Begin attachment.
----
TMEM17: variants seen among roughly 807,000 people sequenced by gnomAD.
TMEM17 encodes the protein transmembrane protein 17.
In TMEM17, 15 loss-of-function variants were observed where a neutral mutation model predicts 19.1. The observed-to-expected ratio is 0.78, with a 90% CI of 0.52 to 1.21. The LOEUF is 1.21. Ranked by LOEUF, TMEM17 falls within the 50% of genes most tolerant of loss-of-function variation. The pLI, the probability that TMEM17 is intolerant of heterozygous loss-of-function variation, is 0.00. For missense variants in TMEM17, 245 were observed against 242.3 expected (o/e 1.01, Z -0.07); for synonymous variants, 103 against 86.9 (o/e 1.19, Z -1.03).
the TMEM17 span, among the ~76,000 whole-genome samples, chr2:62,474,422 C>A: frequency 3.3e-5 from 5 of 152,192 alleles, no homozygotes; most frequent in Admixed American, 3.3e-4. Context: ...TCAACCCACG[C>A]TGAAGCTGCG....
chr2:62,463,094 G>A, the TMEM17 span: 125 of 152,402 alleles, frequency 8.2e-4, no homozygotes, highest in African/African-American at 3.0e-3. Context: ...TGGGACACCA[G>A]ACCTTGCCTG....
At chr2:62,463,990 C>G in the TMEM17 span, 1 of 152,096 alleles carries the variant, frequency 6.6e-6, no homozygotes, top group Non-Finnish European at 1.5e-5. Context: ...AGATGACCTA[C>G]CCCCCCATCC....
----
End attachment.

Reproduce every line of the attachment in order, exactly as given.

TMEM17: variants seen among roughly 807,000 people sequenced by gnomAD.
TMEM17 encodes the protein transmembrane protein 17.
In TMEM17, 15 loss-of-function variants were observed where a neutral mutation model predicts 19.1. The observed-to-expected ratio is 0.78, with a 90% CI of 0.52 to 1.21. The LOEUF is 1.21. Ranked by LOEUF, TMEM17 falls within the 50% of genes most tolerant of loss-of-function variation. The pLI, the probability that TMEM17 is intolerant of heterozygous loss-of-function variation, is 0.00. For missense variants in TMEM17, 245 were observed against 242.3 expected (o/e 1.01, Z -0.07); for synonymous variants, 103 against 86.9 (o/e 1.19, Z -1.03).
the TMEM17 span, among the ~76,000 whole-genome samples, chr2:62,474,422 C>A: frequency 3.3e-5 from 5 of 152,192 alleles, no homozygotes; most frequent in Admixed American, 3.3e-4. Context: ...TCAACCCACG[C>A]TGAAGCTGCG....
chr2:62,463,094 G>A, the TMEM17 span: 125 of 152,402 alleles, frequency 8.2e-4, no homozygotes, highest in African/African-American at 3.0e-3. Context: ...TGGGACACCA[G>A]ACCTTGCCTG....
At chr2:62,463,990 C>G in the TMEM17 span, 1 of 152,096 alleles carries the variant, frequency 6.6e-6, no homozygotes, top group Non-Finnish European at 1.5e-5. Context: ...AGATGACCTA[C>G]CCCCCCATCC....